Does involvement in territorial conflict affect domestic repression? I argue that seeking to revise territory abroad will affect domestic repression, but conditionally on regime type and conflict severity. For democracies, there may be public pressure to deliver the good of territory. Because of this, territorial revision can lead to in-group/out-group dynamics at home, making it politically beneficial to increase repression domestically against groups seen as being opposed to the conflict. Autocracies may place a different value on contested territory, as they rely on the distribution of private goods to maintain support. While in-group/out-group dynamics may also be in play for autocracies, such states also face different types of constraints than democracies. Autocracies are more likely to use their military for domestic repression, and thus are more likely to simply maintain or reduce repression because the military is now being used abroad. These propositions are tested cross-nationally by examining repression when states are revisionists in conflicts over territory spanning from 1977 to 2001. The results of ordered logit analyses of state repression show that democratic states become more likely to increase repression when they are territorial revisionists, as those conflict-years become more deadly, while autocratic states are less likely to increase repression during the same periods.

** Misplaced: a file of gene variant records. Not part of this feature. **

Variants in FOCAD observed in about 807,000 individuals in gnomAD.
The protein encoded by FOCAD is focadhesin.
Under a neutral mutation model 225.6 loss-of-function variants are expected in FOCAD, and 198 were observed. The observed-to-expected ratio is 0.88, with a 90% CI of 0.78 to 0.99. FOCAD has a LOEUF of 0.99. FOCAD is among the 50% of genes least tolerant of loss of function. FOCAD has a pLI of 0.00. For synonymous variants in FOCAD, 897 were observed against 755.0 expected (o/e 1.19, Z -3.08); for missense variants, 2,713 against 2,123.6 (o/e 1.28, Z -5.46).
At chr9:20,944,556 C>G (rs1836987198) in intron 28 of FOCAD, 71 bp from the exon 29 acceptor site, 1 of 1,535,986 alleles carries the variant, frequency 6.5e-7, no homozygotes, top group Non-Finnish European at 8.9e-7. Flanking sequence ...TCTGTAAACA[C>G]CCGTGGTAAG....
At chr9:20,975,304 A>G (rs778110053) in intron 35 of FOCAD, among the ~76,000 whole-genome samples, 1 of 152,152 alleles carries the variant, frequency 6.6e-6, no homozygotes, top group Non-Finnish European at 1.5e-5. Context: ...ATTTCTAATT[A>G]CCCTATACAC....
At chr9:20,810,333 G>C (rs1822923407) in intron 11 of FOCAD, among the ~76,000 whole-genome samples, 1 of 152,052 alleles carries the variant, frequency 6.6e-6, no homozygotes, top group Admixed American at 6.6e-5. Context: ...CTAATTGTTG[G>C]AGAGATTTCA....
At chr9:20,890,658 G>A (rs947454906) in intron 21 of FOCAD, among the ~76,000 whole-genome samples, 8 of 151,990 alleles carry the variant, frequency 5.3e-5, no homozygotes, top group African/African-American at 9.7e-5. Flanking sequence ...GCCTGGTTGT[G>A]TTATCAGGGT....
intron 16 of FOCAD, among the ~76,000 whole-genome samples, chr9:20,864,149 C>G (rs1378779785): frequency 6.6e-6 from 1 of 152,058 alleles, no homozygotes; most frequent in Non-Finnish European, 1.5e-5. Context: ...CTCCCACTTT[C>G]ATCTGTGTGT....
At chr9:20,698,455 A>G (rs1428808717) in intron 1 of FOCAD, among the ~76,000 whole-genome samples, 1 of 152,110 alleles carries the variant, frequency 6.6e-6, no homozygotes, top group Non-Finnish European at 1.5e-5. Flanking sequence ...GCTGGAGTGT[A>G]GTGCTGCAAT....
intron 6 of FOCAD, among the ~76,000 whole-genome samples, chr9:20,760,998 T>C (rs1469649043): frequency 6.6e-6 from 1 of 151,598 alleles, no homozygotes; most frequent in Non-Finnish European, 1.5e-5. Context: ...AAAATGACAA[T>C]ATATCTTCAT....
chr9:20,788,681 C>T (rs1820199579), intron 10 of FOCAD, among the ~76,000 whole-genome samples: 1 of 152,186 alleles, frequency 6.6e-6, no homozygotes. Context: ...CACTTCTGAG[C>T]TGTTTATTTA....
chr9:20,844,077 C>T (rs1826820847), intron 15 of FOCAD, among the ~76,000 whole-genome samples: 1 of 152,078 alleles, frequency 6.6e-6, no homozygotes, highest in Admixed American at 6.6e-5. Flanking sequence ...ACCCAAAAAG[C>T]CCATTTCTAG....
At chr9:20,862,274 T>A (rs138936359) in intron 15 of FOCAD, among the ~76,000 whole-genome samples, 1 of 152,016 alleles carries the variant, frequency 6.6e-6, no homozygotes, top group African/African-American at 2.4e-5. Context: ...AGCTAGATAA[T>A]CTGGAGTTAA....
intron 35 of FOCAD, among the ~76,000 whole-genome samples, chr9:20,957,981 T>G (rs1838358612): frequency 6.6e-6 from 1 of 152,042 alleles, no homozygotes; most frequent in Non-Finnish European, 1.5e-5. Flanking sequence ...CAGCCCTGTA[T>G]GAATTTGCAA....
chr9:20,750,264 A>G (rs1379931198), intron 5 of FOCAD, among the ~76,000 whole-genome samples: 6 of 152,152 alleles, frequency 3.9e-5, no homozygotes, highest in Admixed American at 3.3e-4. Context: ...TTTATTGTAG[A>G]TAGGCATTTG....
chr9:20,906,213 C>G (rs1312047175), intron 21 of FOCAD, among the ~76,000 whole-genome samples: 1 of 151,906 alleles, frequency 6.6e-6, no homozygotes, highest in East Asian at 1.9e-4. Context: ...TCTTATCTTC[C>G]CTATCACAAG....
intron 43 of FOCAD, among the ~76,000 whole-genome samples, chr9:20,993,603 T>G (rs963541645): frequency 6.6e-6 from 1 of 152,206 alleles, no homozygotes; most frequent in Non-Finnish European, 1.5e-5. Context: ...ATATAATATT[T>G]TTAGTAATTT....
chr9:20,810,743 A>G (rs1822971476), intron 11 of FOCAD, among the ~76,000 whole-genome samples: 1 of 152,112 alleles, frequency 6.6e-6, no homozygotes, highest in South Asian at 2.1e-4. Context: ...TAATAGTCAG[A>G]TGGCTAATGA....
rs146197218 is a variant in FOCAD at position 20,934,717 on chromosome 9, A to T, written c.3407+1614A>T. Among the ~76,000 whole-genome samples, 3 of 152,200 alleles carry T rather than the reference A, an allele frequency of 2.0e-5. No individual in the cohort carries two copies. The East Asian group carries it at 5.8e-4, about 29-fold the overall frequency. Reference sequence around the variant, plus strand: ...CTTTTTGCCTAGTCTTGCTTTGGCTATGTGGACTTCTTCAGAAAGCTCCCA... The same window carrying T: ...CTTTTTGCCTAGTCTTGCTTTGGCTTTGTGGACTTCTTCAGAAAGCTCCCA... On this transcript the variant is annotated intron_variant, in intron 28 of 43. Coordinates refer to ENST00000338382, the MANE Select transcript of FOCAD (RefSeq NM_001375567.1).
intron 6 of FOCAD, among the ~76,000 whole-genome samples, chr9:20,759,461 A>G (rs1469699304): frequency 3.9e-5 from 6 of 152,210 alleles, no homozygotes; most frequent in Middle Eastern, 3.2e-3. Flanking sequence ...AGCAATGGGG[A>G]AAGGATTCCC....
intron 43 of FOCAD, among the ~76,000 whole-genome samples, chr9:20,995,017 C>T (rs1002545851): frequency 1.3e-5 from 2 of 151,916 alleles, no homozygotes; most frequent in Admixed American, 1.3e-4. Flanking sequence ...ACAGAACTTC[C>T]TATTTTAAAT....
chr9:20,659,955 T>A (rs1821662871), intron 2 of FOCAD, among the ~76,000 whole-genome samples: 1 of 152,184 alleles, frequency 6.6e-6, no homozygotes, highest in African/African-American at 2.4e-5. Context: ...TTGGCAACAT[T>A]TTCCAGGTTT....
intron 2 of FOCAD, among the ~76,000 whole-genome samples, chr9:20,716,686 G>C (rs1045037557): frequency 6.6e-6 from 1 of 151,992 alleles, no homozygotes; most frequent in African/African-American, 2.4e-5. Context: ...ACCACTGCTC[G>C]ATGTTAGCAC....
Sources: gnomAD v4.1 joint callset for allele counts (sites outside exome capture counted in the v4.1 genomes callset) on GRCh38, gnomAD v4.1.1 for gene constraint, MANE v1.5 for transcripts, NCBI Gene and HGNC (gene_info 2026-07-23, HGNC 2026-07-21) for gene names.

- human rights abuse
- militarized interstate disputes
- territorial conflict
ASJC Scopus subject areas
- Sociology and Political Science
- Safety Research
- Political Science and International Relations